I’ve been using Glasswire for several months and I really like it. It’s a very capable front end for Windows Firewall much to the chagrin of those who think it’s its own firewall and might compare it to free Outpost or Commodo. Glasswire is quite a bit more than that, providing ALERTS to much of what goes on under the hood (i.e. system file and app changes). But I did nearly fall off my chair at the absurd pricing; I hope they continue with the free model. Even if I did want to buy, at this point… no. One cannot manipulate the Firewall pane listings and it quickly fills up with TEMP stuff due to installs that connect out from that variable. These cannot be removed. Nor do uninstalled apps remove themselves, OK but they also cannot be removed. As well, small four-item windows, not sizable, open to examine histories that contain dozens and dozens of items. Sorting and right click context (no copy, etc.) is non-existent. Overall, the UI is long on pretty and short on data presentation and access. But that’s the “modern” way.
I have always wondered why people would want to install a third party firewall when modern version of Windows already come with a firewall. I have always used Windows firewall and have absolutely no issue with it, but then again, I know exactly what I install on my computer and where I surf.
How does this compare to the excellent Windows Firewall Control? WFC is a control panel for the built-in windows firewall, and offers a ton of features. I’ve used it for 2 years or so now. Like glasswire, it has a free version and unlocks all features for ten bucks.
One major difference is that Glasswire’s UI is gorgeous and WFC’s, err, sucks. But this is a security product, so I primarily care about functionality.
WOW skins for firewall? :D
It looks like coders focused their attention on the GUI to be acceptable by childeren ;)
Jeeez what they call “Network Time Machine” is called in the IT world – log since many years :D
In times when reputable and long developed Outpost costs 29.95 USD with similar price for the lifetime licence in many promotions, suggested 40 USD and up sounds like a joke indeed.
But the price is not the biggest issue I suppose.
The sense of the fw is the security not how it looks like – many colors is not the best recommendation.
I can’t find anything important from the security point of view how fw works, nothing about stateful inspections, upgrading attack definitions what is very important these days, checking the net files based on md5 or whatever to be sure nothing has been changed, etc.,etc.
Thanx for this information Martin about new software but definitely in today’s world full of net attacks, botnets, ads, spies, etc. it seems to be a bit risky to check this firewall out.
Just my cents
Flyer as always, I agree with you ;)
I tried Glasswire and to be honest i didn’t like it. Yes, you get some information but the not given option to block outgoing connections plus that it is close source plus that it phones home on install and uninstall.. it didn’t cut for me. Besides all that, it was a memory hog if your logs start to become big.
But i found a little diamond that it uses the logging of the build-in Windows Firewall and you can control your connections through notifications. That means there is no running service or process, it just triggers when something is written on the Windows Firewall log! It is open source and still in development.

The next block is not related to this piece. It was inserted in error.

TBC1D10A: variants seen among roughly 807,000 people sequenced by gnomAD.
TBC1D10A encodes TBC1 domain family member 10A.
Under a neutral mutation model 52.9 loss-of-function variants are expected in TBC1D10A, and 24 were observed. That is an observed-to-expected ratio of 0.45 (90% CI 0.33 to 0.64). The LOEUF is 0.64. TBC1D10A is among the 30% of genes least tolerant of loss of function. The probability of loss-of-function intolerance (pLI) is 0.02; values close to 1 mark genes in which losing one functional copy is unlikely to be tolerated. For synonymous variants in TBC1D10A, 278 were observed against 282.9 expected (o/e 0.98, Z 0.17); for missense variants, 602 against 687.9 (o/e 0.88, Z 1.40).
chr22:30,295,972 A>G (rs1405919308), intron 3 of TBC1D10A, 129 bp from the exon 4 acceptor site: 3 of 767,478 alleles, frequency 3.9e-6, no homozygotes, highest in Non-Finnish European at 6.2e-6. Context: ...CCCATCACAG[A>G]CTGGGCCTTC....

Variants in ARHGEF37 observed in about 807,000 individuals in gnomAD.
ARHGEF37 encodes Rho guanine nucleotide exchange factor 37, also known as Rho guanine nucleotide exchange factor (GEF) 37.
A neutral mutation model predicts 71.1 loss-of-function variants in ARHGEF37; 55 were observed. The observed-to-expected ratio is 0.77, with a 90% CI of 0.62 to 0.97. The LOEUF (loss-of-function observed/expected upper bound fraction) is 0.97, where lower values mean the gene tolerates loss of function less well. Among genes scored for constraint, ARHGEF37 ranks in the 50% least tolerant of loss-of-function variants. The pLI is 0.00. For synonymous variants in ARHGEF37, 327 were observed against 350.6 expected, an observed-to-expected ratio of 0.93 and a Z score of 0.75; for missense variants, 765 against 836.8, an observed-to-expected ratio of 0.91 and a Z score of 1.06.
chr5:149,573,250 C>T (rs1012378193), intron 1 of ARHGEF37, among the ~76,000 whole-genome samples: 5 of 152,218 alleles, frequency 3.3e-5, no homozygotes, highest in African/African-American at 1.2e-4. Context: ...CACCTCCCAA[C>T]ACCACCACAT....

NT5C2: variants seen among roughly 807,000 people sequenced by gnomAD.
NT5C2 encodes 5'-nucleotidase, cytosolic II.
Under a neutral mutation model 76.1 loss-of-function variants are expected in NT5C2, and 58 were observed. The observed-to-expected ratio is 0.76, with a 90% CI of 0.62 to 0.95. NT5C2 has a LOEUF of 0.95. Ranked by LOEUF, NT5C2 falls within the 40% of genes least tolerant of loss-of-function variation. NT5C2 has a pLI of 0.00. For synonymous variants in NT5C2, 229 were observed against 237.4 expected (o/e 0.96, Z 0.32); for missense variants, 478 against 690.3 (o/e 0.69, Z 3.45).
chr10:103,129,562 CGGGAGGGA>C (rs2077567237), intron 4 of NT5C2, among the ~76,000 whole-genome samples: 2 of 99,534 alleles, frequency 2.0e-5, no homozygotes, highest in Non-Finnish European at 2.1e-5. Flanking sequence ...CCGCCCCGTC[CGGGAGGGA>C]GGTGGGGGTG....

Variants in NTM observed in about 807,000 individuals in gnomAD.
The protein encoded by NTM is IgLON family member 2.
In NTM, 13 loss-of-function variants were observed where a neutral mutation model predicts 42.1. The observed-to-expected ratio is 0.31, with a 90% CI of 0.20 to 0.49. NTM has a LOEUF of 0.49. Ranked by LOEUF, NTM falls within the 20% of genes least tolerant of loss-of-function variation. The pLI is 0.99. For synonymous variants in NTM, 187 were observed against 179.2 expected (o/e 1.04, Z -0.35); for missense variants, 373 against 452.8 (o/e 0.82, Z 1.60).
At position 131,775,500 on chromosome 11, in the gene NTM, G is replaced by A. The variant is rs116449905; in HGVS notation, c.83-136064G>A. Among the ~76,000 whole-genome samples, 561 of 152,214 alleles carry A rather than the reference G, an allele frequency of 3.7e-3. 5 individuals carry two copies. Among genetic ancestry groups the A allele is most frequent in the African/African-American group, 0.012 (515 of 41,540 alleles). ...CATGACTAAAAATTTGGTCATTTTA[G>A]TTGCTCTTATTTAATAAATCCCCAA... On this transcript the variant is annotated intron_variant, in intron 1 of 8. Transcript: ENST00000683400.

Called Windows Firewall Notifier, give it a try and thank me later. https://wfn.codeplex.com/
(It was reviewed also here on ghacks some years ago)
I use WFC (windows firewall control) as a front for windows firewall.
A tangent as an aside.
Right in the middle of saving settings!!!!!!!!!!!!!!!!
Most Internet Security suites offer their own firewall, so I don’t see why I should buy one separately.
my Win7 Pro system uses PrivateFirewall, NetWorx and common sense for zero cents
my Win8.1 system uses the same things for the same cost
only the OS is from MS, because that’s what they’re good at making once in a while
I use a layered approach. “NetWorx” (free) to let me see in real-time how much and how fast data is being sent and received. “Net Limiter 3” (commercial) to log how much data each app and Windows process sends and receives. “TinyWall” (a free front-end for the Windows firewall) to block/unblock selected apps as desired.
This lets me see any unexpected activity, determine when and where all activity is coming from and to, and block whatever I want to block as needed. There is feature overlap and I don’t actually need all 3 apps, but this approach gives me all the granular control I would ever need.
The scary truth is that most firewalls don’t pass muster when actually run through a basic security audit:
Notice how I said BASIC security audit. In other words, if your firewall can’t even pass these tests it is not worth a second glance especially since actual attackers will almost surely be using more advanced penetration methods.
Comodo is best. Comodo is free.
I have been using the little known, but very simple to use ‘Windows 8 Firewall Control’ (Which is now Windows 10 Firewall Control) by Sphinx Software. Like GlassWire, it also just adds easily manageable functionality to Windows Firewall. And it has so called ‘Ask to connect’ feature in the free version since the begin (the very reason I use this little program).
I seriously find the pricing of Glasswire absurd. I will continue with Windows 8 Firewall Control and Windows’ built in Resource Manager.